The Electorate of Trier ought be best known for its contributions to the Baroque, even if little survives of this effort. With the region devastated by the War of Palatine Succession, the Archbishop Franz Georg von Schönborn invested the massive power and wealth of the Schönborn family into rebuilding his state. This guide you through the reconstruction of the Mosel Valley in the Baroque period.
The Residence of the Archbishops in Trier
The city of Trier sits in a narrow valley at the edge of the German speaking world. The lack of any strategic depth standing between the Electors and their enemies became quickly apparent in the Thirty Years War, and the capital was moved to Koblenz. The Renaissance palace in Trier would remain in occasional use until Trier again became an official residence under Archbishop Johann Philipp von Walderdorff.
In 1756 he invited architects of the Würzburg School (i.e. Balthazar Neumann) under court architect Johannes Seiz to turn the palace into a Rococo masterpiece. Unfortunately for us, most of the palace was dismantled by Napoleon and later by the Prussians under various urban renewal guises. Only the south wing (pictured) was retained due to the spectacular Rococo Staircase and main Hall. In a somewhat fortuitous outcome, this was also the only part of the palace to survive WWII, but unfortunately remains closed to the public.
The ancient city of Trier deserves its high marks as one of the premier tourist destinations in Germany. Let’s explore the city with everything: Roman ruins, rich museum collections, resplendent churches and an atmospheric cityscape.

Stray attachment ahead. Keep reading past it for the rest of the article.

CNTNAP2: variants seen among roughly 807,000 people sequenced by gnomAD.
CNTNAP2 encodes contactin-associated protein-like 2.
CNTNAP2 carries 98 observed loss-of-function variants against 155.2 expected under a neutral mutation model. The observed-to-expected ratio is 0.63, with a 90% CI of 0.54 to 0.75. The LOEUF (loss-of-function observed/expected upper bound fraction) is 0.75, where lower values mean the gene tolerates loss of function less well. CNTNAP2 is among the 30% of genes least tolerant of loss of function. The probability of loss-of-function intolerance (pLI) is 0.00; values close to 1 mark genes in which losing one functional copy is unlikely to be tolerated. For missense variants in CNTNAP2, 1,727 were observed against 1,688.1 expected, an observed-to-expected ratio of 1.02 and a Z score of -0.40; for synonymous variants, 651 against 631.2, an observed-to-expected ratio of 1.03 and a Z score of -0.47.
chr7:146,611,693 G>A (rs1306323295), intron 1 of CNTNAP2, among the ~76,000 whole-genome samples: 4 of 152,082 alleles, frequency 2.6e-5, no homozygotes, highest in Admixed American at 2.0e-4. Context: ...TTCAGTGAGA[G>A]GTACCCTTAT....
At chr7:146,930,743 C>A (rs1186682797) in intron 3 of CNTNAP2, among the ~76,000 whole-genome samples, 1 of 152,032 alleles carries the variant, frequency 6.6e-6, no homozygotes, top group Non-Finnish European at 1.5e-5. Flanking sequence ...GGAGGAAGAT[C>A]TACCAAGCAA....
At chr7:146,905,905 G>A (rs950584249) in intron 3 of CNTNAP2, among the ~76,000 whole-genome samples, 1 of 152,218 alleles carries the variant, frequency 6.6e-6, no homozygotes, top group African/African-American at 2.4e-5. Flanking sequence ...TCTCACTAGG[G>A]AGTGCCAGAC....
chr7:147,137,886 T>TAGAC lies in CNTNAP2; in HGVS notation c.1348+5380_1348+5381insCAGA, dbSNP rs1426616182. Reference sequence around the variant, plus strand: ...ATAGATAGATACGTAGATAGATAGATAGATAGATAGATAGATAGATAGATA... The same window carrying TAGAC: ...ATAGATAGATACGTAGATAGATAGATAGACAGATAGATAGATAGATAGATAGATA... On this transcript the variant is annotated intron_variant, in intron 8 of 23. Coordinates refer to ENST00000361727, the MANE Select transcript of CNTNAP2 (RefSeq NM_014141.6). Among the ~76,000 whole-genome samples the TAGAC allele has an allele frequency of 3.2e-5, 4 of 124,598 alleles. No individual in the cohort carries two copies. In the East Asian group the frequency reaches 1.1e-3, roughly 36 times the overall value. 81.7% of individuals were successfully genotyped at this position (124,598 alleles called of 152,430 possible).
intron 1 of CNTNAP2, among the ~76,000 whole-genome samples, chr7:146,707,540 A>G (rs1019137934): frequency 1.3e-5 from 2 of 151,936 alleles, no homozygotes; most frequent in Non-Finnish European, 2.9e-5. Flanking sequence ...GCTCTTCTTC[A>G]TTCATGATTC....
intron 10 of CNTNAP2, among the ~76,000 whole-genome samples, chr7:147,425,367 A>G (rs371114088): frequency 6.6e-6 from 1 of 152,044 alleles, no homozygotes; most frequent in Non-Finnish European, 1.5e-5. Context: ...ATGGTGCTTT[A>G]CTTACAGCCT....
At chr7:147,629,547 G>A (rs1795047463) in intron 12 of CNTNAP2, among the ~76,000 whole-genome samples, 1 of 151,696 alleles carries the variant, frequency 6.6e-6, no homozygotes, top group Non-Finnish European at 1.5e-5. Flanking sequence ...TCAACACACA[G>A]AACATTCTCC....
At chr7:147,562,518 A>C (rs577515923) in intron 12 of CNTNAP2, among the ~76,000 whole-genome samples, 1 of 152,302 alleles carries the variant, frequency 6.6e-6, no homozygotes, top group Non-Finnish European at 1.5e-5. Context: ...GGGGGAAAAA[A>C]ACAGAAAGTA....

Balthazar Neumann Arrives
Well by 1756 Neumann was long dead, but when he arrived to the Schönborn court in 1734, it was a momentous occasion. He was considered a legendary artisan even in his own lifetime. Neumann was the court architect of the Schönborn Bishops in Würzburg-Mainz, the wealthiest political entity in the Empire during this time. He was effectively rented out on occasion to friends and extended family of the main court and in Trier he is most known for the spectacular church of St. Paulinus, even though he contributed very little to its design. We owe the interior to the aforementioned Johannes Seiz and another Schönborn court painter Christoph Thomas Scheffler.
The Palace of Malberg
The seat of the Malberg family was actually purchased from Trier in the 14th century and remained the center of a minor principality until its destruction in the War of Palatine Succession. In 1704, a minor clerical office in the Archbishop of Cologne purchased the palace and began construction on a Baroque residence. In contrast to the famous architects active in Trier, this palace was designed by Christian Kretzschmar from the Saarland. He is also responsible for the Baroque monastery in Mettlach. (Which is still there, it now produces porcelain for Villeroy and Boch). A handful of rooms appear to have been preserved and can be visited via somewhat irregular tours or by request. However, the gardens and forest around the palace complex are beautiful and representative of a rural residence of this time.
The Prüm Abbey
The Prüm Abbey is one of the oldest in Europe, founded in 762, even before Charlemagne was crowned Emperor in Aachen. It was also one of the wealthiest and greatest endowed. However, secular decline had left the institution under perpetual mismanagement. By 1379 Trier launched an effort to annex the Monastery and its lands. The monks were not interested in this, and resisted with force. They finally capitulated after a long war with the Electors of Trier in 1576.
The Abbey then became a source of pride and personal project for many of Trier’s archbishops. In particular, Archbishop Franz Georg von Schönborn. He tasked Balthazar Neumann and his own court architects with rebuilding the monastery to be worthy of its history. The result was spectacular, and unfortunately did not survive. Most of the complex was looted by the French and the monastery was largely turned into Ash during the Ardenne Offensives in WWII. A slow reconstruction effort has continued since then. Tough it is only a shadow of its former self, it is one of the pinnacles of the Baroque in the region.